CENTCOM Coordination Center Represents Strong Coalition
By Sgt. Sara Wood, USA
American Forces Press Service
MACDILL AIR FORCE BASE, Fla., Mar. 16, 2007 In a nondescript building at U.S. Central Command headquarters here, officers from 64 countries work together daily to ensure the coalition fighting terrorism in the Middle East remains strong and well organized.
Despite inevitable debate about the conflicts in Iraq and Afghanistan, this coalition coordination center demonstrates the strong international will in the struggle against terrorism, the center’s deputy director said in an interview yesterday.
“I think the state of support for the war on terror is still good,” Marine Col. David Greco said. “We are talking to countries every day. We talk to the 64 that are resident here, and many others that don’t have a senior national representative here, we talk to them via the State Department and via our attache system, where we have defense attaches throughout the world, helping those coalition partners.”
The countries represented here support the war on terror in various ways, Greco said. Some provide troops directly to the fight, some provide air assets, others provide access basing and overflight for coalition forces, and still others offer capital support. Japan, for example, has an oiler ship deployed to the CENTCOM region to refuel coalition ships, he said.
The United States and a few key allies formed the coalition coordination center right after the terrorist attacks of Sept. 11, 2001. From there, more countries joined the coalition and therefore sent representatives to CENTCOM, Greco said. “It’s a pretty dynamic coalition, in that there’s countries involved from the Pacific region, the Americas, the Middle East, and European countries,” he said.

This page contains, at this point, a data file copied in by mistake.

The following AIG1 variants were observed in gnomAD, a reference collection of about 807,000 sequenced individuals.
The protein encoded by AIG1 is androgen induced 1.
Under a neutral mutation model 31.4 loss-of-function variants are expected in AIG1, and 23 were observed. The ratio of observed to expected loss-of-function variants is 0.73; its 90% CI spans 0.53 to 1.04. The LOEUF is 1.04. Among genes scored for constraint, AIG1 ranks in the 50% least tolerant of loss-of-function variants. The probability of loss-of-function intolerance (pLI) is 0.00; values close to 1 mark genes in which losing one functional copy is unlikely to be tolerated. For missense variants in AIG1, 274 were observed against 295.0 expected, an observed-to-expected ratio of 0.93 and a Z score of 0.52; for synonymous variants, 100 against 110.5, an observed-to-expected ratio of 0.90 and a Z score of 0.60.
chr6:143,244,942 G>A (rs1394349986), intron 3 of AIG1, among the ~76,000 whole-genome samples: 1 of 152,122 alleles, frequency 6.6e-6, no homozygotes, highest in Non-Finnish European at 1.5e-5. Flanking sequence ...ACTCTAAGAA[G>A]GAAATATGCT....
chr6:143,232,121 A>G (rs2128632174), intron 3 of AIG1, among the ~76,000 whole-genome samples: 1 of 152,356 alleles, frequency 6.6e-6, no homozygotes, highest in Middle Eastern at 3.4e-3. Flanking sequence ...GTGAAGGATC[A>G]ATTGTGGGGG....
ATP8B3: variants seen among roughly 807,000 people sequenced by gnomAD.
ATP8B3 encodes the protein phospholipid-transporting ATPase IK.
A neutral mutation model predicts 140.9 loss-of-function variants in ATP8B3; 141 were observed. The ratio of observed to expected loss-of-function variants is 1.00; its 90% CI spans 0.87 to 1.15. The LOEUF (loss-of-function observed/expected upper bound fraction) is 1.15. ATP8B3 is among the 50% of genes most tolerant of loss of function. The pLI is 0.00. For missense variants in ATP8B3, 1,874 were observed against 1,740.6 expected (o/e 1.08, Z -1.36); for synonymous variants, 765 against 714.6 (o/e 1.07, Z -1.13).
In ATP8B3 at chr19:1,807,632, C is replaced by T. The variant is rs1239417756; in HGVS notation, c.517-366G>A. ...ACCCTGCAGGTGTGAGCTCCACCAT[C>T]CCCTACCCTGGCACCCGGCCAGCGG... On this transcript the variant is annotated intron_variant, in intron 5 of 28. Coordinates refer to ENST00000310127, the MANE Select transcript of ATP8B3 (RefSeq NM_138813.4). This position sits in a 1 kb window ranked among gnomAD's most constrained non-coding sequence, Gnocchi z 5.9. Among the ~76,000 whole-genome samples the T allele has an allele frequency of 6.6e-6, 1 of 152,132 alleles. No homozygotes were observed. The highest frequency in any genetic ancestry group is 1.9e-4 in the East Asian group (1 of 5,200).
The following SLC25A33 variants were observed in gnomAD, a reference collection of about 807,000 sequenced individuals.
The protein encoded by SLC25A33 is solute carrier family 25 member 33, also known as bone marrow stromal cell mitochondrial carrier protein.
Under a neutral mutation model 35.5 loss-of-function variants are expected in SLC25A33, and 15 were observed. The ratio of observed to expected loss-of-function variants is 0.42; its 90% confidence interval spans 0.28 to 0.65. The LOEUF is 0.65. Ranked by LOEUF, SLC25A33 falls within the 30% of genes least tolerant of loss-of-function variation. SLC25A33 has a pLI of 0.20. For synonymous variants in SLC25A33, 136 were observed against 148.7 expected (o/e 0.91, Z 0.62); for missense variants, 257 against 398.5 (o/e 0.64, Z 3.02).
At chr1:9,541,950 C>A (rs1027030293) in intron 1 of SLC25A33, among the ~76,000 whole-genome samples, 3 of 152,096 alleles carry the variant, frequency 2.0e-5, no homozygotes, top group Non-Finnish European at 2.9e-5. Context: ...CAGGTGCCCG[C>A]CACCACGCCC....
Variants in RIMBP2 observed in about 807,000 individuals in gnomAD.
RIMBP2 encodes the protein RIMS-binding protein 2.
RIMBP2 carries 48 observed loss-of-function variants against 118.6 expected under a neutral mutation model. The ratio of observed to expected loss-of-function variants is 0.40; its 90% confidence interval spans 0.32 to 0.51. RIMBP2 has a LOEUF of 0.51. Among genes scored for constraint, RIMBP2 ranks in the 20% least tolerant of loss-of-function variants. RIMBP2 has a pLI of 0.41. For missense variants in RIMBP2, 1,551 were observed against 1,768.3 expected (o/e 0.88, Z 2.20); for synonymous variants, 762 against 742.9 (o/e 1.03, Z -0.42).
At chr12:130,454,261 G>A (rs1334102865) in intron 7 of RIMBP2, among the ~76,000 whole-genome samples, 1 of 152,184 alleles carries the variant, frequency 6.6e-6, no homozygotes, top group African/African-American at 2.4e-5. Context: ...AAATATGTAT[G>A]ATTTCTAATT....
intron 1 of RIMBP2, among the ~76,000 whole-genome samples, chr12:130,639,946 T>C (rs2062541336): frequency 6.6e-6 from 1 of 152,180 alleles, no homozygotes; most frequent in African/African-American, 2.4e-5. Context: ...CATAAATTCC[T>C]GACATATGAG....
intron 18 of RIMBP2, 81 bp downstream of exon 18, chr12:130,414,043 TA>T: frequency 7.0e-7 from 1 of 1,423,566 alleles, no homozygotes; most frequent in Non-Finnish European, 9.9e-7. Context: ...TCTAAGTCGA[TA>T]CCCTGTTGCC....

Many officers in the coalition coordination center are connected to the senior levels of their home governments and can ease communication among the coalition countries, Greco said. Also, the officers represent countries that have forces working together in specific regions of Iraq and Afghanistan, so deployment planning is made easier. This camaraderie and interaction strengthens the coalition and translates to effectiveness on the battlefield, he said.
Every country in the coalition recognizes that the solutions in Iraq and Afghanistan will not be military force, but political and economic effort, Greco said. The Middle East has what leaders call a “youth bulge,” where the majority of the population is young people. Many of these young people are unemployed or underemployed, so economic development is especially important, he said.
CENTCOM also has a security cooperation division, which works to help coalition partners help themselves, whether through training military police or border guards, participation in military exercises, or help with funding and reform, Greco said. CENTCOM works closely with the State Department, the Defense Department and the Joint Staff to encourage increased engagement from international countries in the war on terror, he said.
“We have all recognized that the solutions in both Iraq and Afghanistan are not going to be solved with military power,” Greco said. “It is a pretty recognized and pretty well understood concept that there are diplomatic, economic, military and informational concepts that need to be talked about in those countries, and all that needs to be brought to bear.”
Provincial reconstruction teams are important in the rebuilding of Iraqi and Afghan society, Greco said, and CENTCOM is working to encourage coalition partners to contribute civilian experts to these teams.
“What we’re doing is working on coming up with the requirements of what kinds of job skills we need,” he said. “And we’re going to our coalition partners and we’re saying, ‘We’re not looking for military guys; we’re not looking for people to kick in doors and search for bad guys. We’re looking for people that can help rebuild the Iraqi and even the Afghan infrastructure.’”
There will always be debate within the government about the U.S. involvement in Iraq and Afghanistan, Greco acknowledged, but countries in the coalition recognize political cycles and aren’t discouraged by criticism within the United States. The rest of the world looks to the United States as an example of government and policy, but the internal debate isn’t damaging to the international will in the Middle East, he said.
“While we debate, the rest of the world watches how the United States does business, and we all recognize that, but I don’t think it’s going to cause any problems in our coalition,” he said.